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I am getting syntax errors with the following code. Is there an awk version that does not support the "-v" option or am I missing something? Thanks.

#!/usr/local/bin/bash
f_name="crap.stat" 
S_Date="2012-02-10"
E_Date="2012-02-13"

awk -F "\t" -v s_date="$S_Date" -v e_date="$E_Date" 'BEGIN {print s_date,e_date}' $f_name
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What's the syntax error? –  shiplu.mokadd.im Mar 19 '12 at 14:07
    
awk: syntax error near line 1 awk: bailing out near line 1 –  Shuvo Shams Mar 19 '12 at 14:11
1  
what is your awk version? and system config? –  shiplu.mokadd.im Mar 19 '12 at 14:19
    
please check awk --version and which bash ? –  kev Mar 19 '12 at 14:28
    
ran awk --version and it is still running, strange? I am using solaris 10 x86 –  Shuvo Shams Mar 19 '12 at 14:30

2 Answers 2

Your code completely works on my awk (GNU Awk 3.1.6).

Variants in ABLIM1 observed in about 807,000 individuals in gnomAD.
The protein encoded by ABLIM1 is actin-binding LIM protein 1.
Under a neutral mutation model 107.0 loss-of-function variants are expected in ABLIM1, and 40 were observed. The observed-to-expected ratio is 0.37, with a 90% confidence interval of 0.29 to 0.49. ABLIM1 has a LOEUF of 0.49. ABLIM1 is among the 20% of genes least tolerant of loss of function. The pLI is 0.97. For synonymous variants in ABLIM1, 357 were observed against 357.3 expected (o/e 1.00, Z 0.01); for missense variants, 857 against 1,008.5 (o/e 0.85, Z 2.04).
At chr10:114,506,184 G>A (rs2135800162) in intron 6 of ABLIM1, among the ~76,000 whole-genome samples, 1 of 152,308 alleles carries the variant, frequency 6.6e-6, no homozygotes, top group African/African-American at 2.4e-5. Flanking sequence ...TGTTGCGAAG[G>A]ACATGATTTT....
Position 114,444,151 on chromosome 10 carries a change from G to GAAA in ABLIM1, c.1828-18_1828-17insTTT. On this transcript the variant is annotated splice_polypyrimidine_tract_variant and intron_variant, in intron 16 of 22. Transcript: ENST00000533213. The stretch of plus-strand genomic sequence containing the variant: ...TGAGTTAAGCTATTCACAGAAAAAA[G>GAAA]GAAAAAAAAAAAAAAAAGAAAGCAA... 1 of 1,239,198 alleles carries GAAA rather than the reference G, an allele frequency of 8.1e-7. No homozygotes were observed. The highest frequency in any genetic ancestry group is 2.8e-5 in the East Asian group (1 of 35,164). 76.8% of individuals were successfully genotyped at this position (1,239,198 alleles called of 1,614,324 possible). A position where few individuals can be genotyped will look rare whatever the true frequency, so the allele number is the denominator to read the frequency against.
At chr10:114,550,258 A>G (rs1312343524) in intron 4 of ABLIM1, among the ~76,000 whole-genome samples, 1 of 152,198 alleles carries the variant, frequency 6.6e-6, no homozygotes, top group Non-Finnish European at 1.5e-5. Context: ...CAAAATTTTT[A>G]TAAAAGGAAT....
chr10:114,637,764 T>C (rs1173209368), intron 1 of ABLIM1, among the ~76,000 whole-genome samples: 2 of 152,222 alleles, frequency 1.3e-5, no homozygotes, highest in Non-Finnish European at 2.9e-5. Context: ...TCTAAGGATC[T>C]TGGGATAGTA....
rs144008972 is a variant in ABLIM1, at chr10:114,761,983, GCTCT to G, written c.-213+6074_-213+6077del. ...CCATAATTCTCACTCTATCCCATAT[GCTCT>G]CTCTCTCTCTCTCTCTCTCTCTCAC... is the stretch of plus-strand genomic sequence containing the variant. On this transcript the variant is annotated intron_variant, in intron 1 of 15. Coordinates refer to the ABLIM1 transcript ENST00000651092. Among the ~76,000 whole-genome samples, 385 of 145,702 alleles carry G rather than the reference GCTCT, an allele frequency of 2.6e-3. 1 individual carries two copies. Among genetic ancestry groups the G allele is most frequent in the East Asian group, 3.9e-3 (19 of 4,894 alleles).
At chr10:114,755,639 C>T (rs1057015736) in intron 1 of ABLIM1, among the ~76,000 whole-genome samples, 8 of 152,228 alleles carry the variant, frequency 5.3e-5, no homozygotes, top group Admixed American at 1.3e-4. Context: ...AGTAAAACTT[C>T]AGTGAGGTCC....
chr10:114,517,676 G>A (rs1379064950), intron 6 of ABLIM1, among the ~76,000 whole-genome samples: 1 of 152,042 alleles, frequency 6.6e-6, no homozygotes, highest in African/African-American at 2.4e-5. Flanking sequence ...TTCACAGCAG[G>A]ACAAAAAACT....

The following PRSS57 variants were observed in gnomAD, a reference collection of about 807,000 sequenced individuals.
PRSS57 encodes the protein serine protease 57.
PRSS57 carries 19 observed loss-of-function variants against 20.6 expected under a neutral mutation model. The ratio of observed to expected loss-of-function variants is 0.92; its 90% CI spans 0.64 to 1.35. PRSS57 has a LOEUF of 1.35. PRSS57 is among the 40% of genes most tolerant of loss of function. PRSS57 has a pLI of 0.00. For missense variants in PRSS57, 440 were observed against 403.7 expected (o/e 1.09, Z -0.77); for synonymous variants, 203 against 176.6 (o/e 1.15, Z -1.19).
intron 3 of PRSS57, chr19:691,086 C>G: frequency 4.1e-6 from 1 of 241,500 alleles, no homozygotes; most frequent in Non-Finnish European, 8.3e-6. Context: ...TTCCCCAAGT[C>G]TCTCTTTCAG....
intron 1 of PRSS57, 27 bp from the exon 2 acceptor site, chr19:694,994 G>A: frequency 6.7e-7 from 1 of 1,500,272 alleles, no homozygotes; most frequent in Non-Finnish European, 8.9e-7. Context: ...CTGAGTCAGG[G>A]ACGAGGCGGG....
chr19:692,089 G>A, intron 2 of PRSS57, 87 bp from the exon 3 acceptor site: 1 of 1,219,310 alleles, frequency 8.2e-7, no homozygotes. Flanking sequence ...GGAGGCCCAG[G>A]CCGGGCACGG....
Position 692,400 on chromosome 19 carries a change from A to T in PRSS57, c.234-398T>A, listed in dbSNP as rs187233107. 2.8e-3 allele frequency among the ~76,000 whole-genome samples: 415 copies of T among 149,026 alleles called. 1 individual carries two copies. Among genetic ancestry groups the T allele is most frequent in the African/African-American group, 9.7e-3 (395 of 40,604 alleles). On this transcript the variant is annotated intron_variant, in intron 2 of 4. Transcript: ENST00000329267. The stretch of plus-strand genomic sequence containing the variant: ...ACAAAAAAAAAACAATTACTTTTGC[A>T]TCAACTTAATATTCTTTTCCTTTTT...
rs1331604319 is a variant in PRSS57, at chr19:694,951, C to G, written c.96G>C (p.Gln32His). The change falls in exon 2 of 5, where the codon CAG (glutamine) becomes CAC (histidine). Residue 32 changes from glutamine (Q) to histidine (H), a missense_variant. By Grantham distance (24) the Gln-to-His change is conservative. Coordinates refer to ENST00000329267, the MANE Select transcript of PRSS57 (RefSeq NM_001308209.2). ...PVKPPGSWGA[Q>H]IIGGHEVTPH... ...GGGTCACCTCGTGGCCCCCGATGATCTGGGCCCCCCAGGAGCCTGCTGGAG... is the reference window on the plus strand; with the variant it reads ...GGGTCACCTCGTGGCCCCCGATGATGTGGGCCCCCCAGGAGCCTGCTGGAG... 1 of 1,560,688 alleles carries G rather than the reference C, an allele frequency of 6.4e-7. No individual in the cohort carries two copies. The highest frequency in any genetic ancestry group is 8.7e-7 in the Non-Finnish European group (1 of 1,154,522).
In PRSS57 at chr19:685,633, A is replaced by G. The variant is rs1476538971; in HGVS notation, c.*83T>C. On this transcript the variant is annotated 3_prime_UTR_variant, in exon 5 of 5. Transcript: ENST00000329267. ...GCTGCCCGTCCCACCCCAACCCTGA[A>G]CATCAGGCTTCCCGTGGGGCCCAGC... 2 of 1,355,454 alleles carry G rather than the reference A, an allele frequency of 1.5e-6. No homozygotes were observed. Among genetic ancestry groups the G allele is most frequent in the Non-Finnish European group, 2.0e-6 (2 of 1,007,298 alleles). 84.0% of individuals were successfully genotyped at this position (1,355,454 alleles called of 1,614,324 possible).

There is another way though, If you export your variables you can use it in ENVIRON array

$ export f_name="crap.stat"
$ awk '{ print ENVIRON["f_name"] }' anyfile
crap.stat
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Thanks but, I get the error even without an input file: awk -v sdate="$S_Date" 'BEGIN {print sdate}' –  Shuvo Shams Mar 19 '12 at 14:17
    
On awks that don't support -v sdate=value '...', you can instead do this: awk '...' sdate=value. The downside is that the assignment won't be visible inside a BEGIN {...} rule, but only once awk begins processing its ARGVs. –  dubiousjim Apr 19 '12 at 12:22

The default awk program on Solaris 10 (aka oawk) does not seem to support the -v option; the alternative nawk program does support it. Some people switch the name awk so it is a link to nawk, so you can't readily predict which you'll find as awk.

The awk programs on HP-UX 11.x, AIX 6.x and Mac OS X (10.7.x) all support the -v notation, which isn't very surprising since POSIX expects support for -v.

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